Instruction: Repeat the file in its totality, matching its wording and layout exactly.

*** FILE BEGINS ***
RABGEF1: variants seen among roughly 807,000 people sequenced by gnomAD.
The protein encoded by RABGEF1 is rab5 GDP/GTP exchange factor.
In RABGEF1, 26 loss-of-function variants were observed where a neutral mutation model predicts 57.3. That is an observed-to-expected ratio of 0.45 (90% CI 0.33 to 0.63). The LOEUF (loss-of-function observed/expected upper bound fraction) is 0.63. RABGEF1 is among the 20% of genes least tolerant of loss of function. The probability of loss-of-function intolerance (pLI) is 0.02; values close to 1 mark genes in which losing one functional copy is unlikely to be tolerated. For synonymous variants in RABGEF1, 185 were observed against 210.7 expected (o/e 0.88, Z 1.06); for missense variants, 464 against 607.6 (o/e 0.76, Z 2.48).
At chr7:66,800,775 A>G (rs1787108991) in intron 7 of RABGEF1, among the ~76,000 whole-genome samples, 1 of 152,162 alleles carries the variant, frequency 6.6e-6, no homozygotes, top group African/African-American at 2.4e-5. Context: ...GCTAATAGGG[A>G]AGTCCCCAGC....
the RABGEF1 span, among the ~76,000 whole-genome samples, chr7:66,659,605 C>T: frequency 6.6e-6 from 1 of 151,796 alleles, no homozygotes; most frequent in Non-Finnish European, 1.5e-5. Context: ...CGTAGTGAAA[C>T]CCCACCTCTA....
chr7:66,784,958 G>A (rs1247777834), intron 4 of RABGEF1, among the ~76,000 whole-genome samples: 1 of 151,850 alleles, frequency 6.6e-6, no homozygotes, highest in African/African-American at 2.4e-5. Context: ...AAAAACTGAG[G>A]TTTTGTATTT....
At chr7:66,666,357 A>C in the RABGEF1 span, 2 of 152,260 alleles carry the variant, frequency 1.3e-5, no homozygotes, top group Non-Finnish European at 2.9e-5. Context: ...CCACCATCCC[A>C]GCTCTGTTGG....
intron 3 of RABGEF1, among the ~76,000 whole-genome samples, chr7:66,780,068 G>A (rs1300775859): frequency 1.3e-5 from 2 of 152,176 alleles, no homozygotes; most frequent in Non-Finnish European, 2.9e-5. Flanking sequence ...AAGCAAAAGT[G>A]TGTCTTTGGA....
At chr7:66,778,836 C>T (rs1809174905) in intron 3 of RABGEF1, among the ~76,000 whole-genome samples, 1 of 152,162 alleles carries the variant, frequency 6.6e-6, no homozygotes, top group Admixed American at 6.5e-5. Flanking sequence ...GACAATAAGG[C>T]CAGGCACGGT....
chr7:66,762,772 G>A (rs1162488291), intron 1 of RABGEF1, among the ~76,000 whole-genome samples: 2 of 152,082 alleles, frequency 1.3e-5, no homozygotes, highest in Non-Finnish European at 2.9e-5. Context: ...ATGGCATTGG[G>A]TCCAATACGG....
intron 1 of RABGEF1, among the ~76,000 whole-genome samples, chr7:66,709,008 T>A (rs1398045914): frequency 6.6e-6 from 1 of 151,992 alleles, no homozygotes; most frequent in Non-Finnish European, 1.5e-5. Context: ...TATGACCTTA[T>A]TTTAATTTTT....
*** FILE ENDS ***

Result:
RABGEF1: variants seen among roughly 807,000 people sequenced by gnomAD.
The protein encoded by RABGEF1 is rab5 GDP/GTP exchange factor.
In RABGEF1, 26 loss-of-function variants were observed where a neutral mutation model predicts 57.3. That is an observed-to-expected ratio of 0.45 (90% CI 0.33 to 0.63). The LOEUF (loss-of-function observed/expected upper bound fraction) is 0.63. RABGEF1 is among the 20% of genes least tolerant of loss of function. The probability of loss-of-function intolerance (pLI) is 0.02; values close to 1 mark genes in which losing one functional copy is unlikely to be tolerated. For synonymous variants in RABGEF1, 185 were observed against 210.7 expected (o/e 0.88, Z 1.06); for missense variants, 464 against 607.6 (o/e 0.76, Z 2.48).
At chr7:66,800,775 A>G (rs1787108991) in intron 7 of RABGEF1, among the ~76,000 whole-genome samples, 1 of 152,162 alleles carries the variant, frequency 6.6e-6, no homozygotes, top group African/African-American at 2.4e-5. Context: ...GCTAATAGGG[A>G]AGTCCCCAGC....
the RABGEF1 span, among the ~76,000 whole-genome samples, chr7:66,659,605 C>T: frequency 6.6e-6 from 1 of 151,796 alleles, no homozygotes; most frequent in Non-Finnish European, 1.5e-5. Context: ...CGTAGTGAAA[C>T]CCCACCTCTA....
chr7:66,784,958 G>A (rs1247777834), intron 4 of RABGEF1, among the ~76,000 whole-genome samples: 1 of 151,850 alleles, frequency 6.6e-6, no homozygotes, highest in African/African-American at 2.4e-5. Context: ...AAAAACTGAG[G>A]TTTTGTATTT....
At chr7:66,666,357 A>C in the RABGEF1 span, 2 of 152,260 alleles carry the variant, frequency 1.3e-5, no homozygotes, top group Non-Finnish European at 2.9e-5. Context: ...CCACCATCCC[A>C]GCTCTGTTGG....
intron 3 of RABGEF1, among the ~76,000 whole-genome samples, chr7:66,780,068 G>A (rs1300775859): frequency 1.3e-5 from 2 of 152,176 alleles, no homozygotes; most frequent in Non-Finnish European, 2.9e-5. Flanking sequence ...AAGCAAAAGT[G>A]TGTCTTTGGA....
At chr7:66,778,836 C>T (rs1809174905) in intron 3 of RABGEF1, among the ~76,000 whole-genome samples, 1 of 152,162 alleles carries the variant, frequency 6.6e-6, no homozygotes, top group Admixed American at 6.5e-5. Flanking sequence ...GACAATAAGG[C>T]CAGGCACGGT....
chr7:66,762,772 G>A (rs1162488291), intron 1 of RABGEF1, among the ~76,000 whole-genome samples: 2 of 152,082 alleles, frequency 1.3e-5, no homozygotes, highest in Non-Finnish European at 2.9e-5. Context: ...ATGGCATTGG[G>A]TCCAATACGG....
intron 1 of RABGEF1, among the ~76,000 whole-genome samples, chr7:66,709,008 T>A (rs1398045914): frequency 6.6e-6 from 1 of 151,992 alleles, no homozygotes; most frequent in Non-Finnish European, 1.5e-5. Context: ...TATGACCTTA[T>A]TTTAATTTTT....